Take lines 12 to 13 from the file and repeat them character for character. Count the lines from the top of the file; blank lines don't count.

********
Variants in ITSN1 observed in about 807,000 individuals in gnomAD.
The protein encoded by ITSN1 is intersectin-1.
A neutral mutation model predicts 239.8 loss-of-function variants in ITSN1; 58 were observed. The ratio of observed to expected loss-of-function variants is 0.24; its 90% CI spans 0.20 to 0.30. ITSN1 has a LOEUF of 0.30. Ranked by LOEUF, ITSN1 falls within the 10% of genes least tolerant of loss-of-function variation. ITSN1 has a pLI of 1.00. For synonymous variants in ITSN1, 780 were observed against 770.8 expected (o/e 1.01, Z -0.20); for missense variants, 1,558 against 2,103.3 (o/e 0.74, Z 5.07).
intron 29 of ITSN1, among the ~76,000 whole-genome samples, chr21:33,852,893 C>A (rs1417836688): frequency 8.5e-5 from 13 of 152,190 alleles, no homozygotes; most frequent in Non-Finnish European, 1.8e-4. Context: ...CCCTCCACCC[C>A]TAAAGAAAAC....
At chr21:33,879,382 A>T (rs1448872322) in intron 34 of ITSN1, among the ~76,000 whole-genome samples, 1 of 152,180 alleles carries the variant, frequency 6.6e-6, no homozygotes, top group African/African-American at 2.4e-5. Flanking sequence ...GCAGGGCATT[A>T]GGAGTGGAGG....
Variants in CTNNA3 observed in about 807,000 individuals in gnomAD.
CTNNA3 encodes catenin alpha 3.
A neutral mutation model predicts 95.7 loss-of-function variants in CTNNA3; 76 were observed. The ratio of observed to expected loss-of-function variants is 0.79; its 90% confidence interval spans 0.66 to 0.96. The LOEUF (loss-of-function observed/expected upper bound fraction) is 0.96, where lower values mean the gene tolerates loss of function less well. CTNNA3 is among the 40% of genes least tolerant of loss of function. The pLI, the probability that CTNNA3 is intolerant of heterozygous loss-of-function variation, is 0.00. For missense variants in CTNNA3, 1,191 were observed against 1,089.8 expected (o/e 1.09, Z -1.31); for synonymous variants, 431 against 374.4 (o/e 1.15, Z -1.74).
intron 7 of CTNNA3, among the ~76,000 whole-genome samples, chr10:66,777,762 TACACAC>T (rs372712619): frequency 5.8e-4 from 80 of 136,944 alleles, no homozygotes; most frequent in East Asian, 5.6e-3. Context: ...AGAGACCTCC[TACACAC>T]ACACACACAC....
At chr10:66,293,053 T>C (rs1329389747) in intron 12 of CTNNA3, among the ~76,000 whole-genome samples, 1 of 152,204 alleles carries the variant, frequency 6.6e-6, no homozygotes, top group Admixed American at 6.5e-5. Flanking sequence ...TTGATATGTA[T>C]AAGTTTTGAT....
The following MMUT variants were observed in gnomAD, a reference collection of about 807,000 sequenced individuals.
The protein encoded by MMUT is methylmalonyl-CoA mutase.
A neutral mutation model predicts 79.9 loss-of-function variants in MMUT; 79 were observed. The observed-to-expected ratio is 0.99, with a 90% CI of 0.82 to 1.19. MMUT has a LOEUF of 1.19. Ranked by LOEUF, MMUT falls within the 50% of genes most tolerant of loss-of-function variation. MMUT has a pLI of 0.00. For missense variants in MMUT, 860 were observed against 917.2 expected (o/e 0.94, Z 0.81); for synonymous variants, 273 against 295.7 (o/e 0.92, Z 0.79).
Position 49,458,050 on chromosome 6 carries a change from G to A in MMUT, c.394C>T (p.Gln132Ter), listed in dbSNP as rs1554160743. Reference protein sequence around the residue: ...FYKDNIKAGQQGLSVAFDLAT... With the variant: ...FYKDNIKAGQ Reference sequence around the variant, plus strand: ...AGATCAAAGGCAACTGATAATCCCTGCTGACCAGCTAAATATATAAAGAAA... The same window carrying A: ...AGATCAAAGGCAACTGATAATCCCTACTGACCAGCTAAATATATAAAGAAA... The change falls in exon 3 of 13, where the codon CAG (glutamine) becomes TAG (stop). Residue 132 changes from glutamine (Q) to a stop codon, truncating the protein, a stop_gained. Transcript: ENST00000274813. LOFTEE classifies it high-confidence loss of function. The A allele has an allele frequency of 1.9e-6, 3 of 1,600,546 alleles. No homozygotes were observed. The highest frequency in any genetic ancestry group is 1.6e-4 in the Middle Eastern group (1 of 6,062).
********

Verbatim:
The protein encoded by MMUT is methylmalonyl-CoA mutase.
A neutral mutation model predicts 79.9 loss-of-function variants in MMUT; 79 were observed. The observed-to-expected ratio is 0.99, with a 90% CI of 0.82 to 1.19. MMUT has a LOEUF of 1.19. Ranked by LOEUF, MMUT falls within the 50% of genes most tolerant of loss-of-function variation. MMUT has a pLI of 0.00. For missense variants in MMUT, 860 were observed against 917.2 expected (o/e 0.94, Z 0.81); for synonymous variants, 273 against 295.7 (o/e 0.92, Z 0.79).